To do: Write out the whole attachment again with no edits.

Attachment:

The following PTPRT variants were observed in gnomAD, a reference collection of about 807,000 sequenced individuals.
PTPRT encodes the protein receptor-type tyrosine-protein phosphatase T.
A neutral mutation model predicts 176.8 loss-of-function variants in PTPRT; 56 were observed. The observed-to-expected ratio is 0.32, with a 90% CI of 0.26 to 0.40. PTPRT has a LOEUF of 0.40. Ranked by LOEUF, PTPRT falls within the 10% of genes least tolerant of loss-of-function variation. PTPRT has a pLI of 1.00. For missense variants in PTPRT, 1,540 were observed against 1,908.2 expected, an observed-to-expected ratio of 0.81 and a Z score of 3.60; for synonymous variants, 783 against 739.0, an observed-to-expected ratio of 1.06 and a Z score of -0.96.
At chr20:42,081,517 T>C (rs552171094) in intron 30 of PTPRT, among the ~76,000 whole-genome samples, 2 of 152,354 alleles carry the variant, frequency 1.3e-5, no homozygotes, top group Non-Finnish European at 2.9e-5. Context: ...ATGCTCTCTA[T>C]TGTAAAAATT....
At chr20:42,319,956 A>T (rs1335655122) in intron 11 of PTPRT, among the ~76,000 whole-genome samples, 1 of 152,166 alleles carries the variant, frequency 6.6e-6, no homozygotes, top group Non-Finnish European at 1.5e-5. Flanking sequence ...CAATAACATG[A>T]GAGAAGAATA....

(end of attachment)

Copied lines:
The following PTPRT variants were observed in gnomAD, a reference collection of about 807,000 sequenced individuals.
PTPRT encodes the protein receptor-type tyrosine-protein phosphatase T.
A neutral mutation model predicts 176.8 loss-of-function variants in PTPRT; 56 were observed. The observed-to-expected ratio is 0.32, with a 90% CI of 0.26 to 0.40. PTPRT has a LOEUF of 0.40. Ranked by LOEUF, PTPRT falls within the 10% of genes least tolerant of loss-of-function variation. PTPRT has a pLI of 1.00. For missense variants in PTPRT, 1,540 were observed against 1,908.2 expected, an observed-to-expected ratio of 0.81 and a Z score of 3.60; for synonymous variants, 783 against 739.0, an observed-to-expected ratio of 1.06 and a Z score of -0.96.
At chr20:42,081,517 T>C (rs552171094) in intron 30 of PTPRT, among the ~76,000 whole-genome samples, 2 of 152,354 alleles carry the variant, frequency 1.3e-5, no homozygotes, top group Non-Finnish European at 2.9e-5. Context: ...ATGCTCTCTA[T>C]TGTAAAAATT....
At chr20:42,319,956 A>T (rs1335655122) in intron 11 of PTPRT, among the ~76,000 whole-genome samples, 1 of 152,166 alleles carries the variant, frequency 6.6e-6, no homozygotes, top group Non-Finnish European at 1.5e-5. Flanking sequence ...CAATAACATG[A>T]GAGAAGAATA....